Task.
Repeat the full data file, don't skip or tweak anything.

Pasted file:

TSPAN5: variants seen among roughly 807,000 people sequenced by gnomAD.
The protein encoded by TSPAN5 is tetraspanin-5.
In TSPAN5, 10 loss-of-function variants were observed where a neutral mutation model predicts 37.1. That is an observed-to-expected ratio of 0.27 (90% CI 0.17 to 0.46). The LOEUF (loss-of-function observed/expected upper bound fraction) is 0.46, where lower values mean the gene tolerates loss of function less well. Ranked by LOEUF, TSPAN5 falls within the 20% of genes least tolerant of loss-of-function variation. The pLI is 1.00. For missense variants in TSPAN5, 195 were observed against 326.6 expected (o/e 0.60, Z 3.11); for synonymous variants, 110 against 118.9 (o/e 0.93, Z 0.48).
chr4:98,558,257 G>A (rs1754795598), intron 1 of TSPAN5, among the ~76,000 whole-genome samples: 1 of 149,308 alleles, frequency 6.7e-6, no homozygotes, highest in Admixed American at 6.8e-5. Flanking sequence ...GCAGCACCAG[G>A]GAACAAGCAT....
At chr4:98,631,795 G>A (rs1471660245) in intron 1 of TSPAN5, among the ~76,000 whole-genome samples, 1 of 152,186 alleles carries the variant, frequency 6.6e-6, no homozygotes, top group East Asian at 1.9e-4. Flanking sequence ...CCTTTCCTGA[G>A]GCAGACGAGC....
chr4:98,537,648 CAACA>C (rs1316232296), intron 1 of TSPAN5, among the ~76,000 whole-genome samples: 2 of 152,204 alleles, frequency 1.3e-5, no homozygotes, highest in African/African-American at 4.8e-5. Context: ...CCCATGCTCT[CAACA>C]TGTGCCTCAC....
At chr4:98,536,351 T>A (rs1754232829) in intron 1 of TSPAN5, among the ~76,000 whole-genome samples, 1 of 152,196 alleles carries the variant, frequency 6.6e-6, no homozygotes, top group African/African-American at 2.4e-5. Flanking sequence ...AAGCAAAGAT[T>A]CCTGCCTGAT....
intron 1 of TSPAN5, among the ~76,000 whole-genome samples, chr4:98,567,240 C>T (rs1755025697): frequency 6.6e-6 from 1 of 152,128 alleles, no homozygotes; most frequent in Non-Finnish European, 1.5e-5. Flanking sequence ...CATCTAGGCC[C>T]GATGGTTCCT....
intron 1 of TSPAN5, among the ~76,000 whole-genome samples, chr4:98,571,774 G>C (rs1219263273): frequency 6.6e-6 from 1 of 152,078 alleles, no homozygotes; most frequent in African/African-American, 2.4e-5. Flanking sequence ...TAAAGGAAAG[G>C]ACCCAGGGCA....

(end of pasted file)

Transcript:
TSPAN5: variants seen among roughly 807,000 people sequenced by gnomAD.
The protein encoded by TSPAN5 is tetraspanin-5.
In TSPAN5, 10 loss-of-function variants were observed where a neutral mutation model predicts 37.1. That is an observed-to-expected ratio of 0.27 (90% CI 0.17 to 0.46). The LOEUF (loss-of-function observed/expected upper bound fraction) is 0.46, where lower values mean the gene tolerates loss of function less well. Ranked by LOEUF, TSPAN5 falls within the 20% of genes least tolerant of loss-of-function variation. The pLI is 1.00. For missense variants in TSPAN5, 195 were observed against 326.6 expected (o/e 0.60, Z 3.11); for synonymous variants, 110 against 118.9 (o/e 0.93, Z 0.48).
chr4:98,558,257 G>A (rs1754795598), intron 1 of TSPAN5, among the ~76,000 whole-genome samples: 1 of 149,308 alleles, frequency 6.7e-6, no homozygotes, highest in Admixed American at 6.8e-5. Flanking sequence ...GCAGCACCAG[G>A]GAACAAGCAT....
At chr4:98,631,795 G>A (rs1471660245) in intron 1 of TSPAN5, among the ~76,000 whole-genome samples, 1 of 152,186 alleles carries the variant, frequency 6.6e-6, no homozygotes, top group East Asian at 1.9e-4. Flanking sequence ...CCTTTCCTGA[G>A]GCAGACGAGC....
chr4:98,537,648 CAACA>C (rs1316232296), intron 1 of TSPAN5, among the ~76,000 whole-genome samples: 2 of 152,204 alleles, frequency 1.3e-5, no homozygotes, highest in African/African-American at 4.8e-5. Context: ...CCCATGCTCT[CAACA>C]TGTGCCTCAC....
At chr4:98,536,351 T>A (rs1754232829) in intron 1 of TSPAN5, among the ~76,000 whole-genome samples, 1 of 152,196 alleles carries the variant, frequency 6.6e-6, no homozygotes, top group African/African-American at 2.4e-5. Flanking sequence ...AAGCAAAGAT[T>A]CCTGCCTGAT....
intron 1 of TSPAN5, among the ~76,000 whole-genome samples, chr4:98,567,240 C>T (rs1755025697): frequency 6.6e-6 from 1 of 152,128 alleles, no homozygotes; most frequent in Non-Finnish European, 1.5e-5. Flanking sequence ...CATCTAGGCC[C>T]GATGGTTCCT....
intron 1 of TSPAN5, among the ~76,000 whole-genome samples, chr4:98,571,774 G>C (rs1219263273): frequency 6.6e-6 from 1 of 152,078 alleles, no homozygotes; most frequent in African/African-American, 2.4e-5. Flanking sequence ...TAAAGGAAAG[G>C]ACCCAGGGCA....